I’m enjoying Deadhouse Gates a lot. Its predecessor was a bit rough around the edges, but this book is where it all really comes alive. There was simply too much stuff in Gardens of the Moon for the reader to just sit down to enjoy. When you’re spending half of the time thinking “have I missed something vital?” then you are not having as much fun as you should be having.
It is for this reason that I am making this quick and to-the-point guide to Malazan. In it I will list and elaborate the concepts, cosmology, races, and main players of the setting, both for my easier reference, and yours.
Let’s begin. Malazan: Book of the Fallen takes place in a universe (technically a multiverse but let’s keep things simple) where intelligent races have existed long before humans, and the wonders they created tend to outshine what we’ve made in the comparatively short time our civilizations have existed.
Magic is a big, powerful factor here, and it is accessed by tapping into an alternate dimension For example, in order to cast Death magic, one needs to access the world of Death. Same with Shadow, Healing, etc. These alternate dimensions are called Warrens, and to access a Warren in order to cast a spell is referred to as opening a Warren.
Some Warrens are home to gods. A god is a powerful entity who has grasped a position of power within a particular Warren. So there is, say, a King of Shadow, a Knight of Shadow, etc. But not just anyone can become a god. In order to qualify for godhood, one first needs to ascend.
Ascendants are basically heroes; individuals with larger-than-life skills and abilities, who are immune to natural death. Most can use magic of some sort, and all can become gods by (among other ways) getting a large enough cult. The means by which one can attain ascendancy are vague early on, so let’s keep it mysterious.
Most humans who can use magic are born with the talent, then hone it through various means (depending on where they are born) in order to become mages. Most can access only one Warren, though some (Quick Ben for instance) can access more.
But enough about the metaphysics. Basically, Malazan chronicles a series of military conflicts centered around the (surprise surprise) Malazan Empire. This Empire is kind of antagonistic early on, though it’s difficult to say in a series with so many shades of grey. It is definitely a utilitarian, expansionist regime that aims to dominate the mortal world. Too bad it can barely hold itself together.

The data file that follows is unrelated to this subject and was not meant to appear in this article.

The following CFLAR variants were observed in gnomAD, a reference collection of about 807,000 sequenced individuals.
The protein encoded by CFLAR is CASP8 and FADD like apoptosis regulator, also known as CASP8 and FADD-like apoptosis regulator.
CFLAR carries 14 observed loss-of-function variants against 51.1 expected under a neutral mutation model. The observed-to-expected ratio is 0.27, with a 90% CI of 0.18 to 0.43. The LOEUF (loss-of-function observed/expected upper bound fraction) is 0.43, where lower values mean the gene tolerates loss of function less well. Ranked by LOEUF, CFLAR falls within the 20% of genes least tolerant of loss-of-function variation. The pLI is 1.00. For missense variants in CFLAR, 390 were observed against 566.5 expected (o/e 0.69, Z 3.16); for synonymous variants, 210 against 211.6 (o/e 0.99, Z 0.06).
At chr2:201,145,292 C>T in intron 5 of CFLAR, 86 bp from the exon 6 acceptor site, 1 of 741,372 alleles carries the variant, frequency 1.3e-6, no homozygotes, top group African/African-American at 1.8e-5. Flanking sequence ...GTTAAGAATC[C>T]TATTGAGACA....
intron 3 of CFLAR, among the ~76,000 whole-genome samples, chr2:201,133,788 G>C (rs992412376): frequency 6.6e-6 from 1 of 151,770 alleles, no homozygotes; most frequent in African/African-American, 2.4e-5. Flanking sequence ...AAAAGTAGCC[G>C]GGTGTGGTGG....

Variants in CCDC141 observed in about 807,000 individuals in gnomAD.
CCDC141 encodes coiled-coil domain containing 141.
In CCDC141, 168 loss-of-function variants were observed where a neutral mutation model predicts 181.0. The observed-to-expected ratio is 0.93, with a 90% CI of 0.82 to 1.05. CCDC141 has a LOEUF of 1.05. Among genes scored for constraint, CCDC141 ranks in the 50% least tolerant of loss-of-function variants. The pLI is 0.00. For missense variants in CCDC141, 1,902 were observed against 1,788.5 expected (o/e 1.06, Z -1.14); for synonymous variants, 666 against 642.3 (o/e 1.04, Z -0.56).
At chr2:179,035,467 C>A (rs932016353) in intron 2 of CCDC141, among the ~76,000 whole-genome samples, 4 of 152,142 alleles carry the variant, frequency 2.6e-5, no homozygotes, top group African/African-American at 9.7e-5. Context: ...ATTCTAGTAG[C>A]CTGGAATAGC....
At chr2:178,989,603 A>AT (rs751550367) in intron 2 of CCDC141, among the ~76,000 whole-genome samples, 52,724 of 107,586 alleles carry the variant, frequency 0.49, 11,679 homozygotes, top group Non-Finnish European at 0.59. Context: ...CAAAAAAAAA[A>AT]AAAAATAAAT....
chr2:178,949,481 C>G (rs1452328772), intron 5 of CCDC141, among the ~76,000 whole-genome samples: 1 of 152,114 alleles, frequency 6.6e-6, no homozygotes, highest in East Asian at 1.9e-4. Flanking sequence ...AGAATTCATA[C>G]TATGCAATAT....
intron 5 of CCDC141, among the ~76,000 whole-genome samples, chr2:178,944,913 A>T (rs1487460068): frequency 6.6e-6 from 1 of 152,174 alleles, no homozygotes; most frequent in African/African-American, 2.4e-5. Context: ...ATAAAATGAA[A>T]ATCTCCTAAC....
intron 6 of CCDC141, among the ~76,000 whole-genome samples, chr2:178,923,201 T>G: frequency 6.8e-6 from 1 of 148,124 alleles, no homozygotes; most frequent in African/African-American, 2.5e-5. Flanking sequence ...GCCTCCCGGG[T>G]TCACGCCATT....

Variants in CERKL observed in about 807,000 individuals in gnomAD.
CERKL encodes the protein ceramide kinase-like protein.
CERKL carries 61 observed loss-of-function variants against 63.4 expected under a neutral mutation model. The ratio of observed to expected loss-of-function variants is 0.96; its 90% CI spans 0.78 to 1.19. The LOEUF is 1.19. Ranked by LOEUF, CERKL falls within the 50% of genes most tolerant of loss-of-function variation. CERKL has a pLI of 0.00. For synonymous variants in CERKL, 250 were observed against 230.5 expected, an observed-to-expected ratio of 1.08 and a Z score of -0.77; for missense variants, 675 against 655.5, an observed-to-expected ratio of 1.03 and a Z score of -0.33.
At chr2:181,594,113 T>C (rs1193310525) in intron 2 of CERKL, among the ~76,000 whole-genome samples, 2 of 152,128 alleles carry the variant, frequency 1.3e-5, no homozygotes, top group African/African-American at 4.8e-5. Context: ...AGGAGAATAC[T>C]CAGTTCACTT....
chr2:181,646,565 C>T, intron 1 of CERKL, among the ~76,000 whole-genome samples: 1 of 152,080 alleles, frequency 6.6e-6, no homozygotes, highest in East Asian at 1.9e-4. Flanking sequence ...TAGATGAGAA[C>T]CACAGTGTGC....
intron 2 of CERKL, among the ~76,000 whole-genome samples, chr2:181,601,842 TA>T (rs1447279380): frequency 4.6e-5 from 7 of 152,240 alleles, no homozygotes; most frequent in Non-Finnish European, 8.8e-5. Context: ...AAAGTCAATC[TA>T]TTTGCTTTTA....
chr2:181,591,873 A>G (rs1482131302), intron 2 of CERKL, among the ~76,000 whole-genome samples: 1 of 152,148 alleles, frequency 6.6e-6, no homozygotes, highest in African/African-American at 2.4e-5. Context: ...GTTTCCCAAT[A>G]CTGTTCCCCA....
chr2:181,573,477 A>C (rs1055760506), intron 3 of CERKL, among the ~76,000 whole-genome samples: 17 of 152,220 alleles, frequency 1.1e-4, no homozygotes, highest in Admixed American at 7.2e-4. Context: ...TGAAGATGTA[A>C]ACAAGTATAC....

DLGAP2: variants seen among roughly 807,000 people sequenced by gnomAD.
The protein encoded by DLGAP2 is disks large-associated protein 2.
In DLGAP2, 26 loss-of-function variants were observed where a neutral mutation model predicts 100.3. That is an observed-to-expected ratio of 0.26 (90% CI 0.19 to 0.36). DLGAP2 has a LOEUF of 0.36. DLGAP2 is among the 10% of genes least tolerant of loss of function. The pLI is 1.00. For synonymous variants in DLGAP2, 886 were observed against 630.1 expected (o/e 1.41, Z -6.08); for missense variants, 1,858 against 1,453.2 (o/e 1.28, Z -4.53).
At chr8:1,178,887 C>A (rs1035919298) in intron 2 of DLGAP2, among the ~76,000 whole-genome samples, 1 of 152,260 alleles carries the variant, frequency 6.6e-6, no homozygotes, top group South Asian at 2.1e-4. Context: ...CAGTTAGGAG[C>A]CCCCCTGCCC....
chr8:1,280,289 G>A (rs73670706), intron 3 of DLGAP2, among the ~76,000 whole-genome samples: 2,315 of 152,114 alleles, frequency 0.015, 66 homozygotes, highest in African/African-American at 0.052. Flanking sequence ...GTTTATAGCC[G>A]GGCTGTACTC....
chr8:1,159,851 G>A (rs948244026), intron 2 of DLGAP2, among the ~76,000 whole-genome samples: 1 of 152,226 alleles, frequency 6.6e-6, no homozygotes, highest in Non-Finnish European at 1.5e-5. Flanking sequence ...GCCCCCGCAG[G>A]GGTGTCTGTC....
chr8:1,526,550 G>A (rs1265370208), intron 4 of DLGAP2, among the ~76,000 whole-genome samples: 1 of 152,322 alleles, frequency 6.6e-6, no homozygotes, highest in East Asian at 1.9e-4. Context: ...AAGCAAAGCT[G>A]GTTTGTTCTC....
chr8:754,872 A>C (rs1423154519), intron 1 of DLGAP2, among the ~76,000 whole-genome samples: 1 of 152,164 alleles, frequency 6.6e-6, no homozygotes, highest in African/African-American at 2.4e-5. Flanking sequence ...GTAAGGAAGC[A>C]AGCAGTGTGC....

The Empire is actually quite young. Some time before the start of the series, a man called Kellanved led a group of capable individuals and forged the Empire out of basically nothing. He didn’t rule for long, though, as his spymistress (hilariously known as Surly) had him assassinated and took the title of Empress. Having renamed herself Laseen (meaning Thronemaster), she now struggles to maintain her grasp on power.
Bit by bit, the world Kellanved conquered is starting to reject Laseen, who now has the unenviable task of preventing the Empire from disintegrating. And how does she do that, you ask? Why, by conquering and looting new territories. This always works. Ask the Romans.
Early on in the series, Laseen sets her sights on fully claiming a continent called Genabackis. There used to be something called the Alliance of Free Cities there, most of which have been conquered. As of the start of Gardens of the Moon, only Pale and Darujhistan remain free. She would change that. But some big names have decided to put a stop to Laseen’s expansion right then and there, and this is where it all begins.
I won’t spoil the books, at least not on purpose, so let’s leave it at that. Next time, I think I will talk about races.
M. T. Miller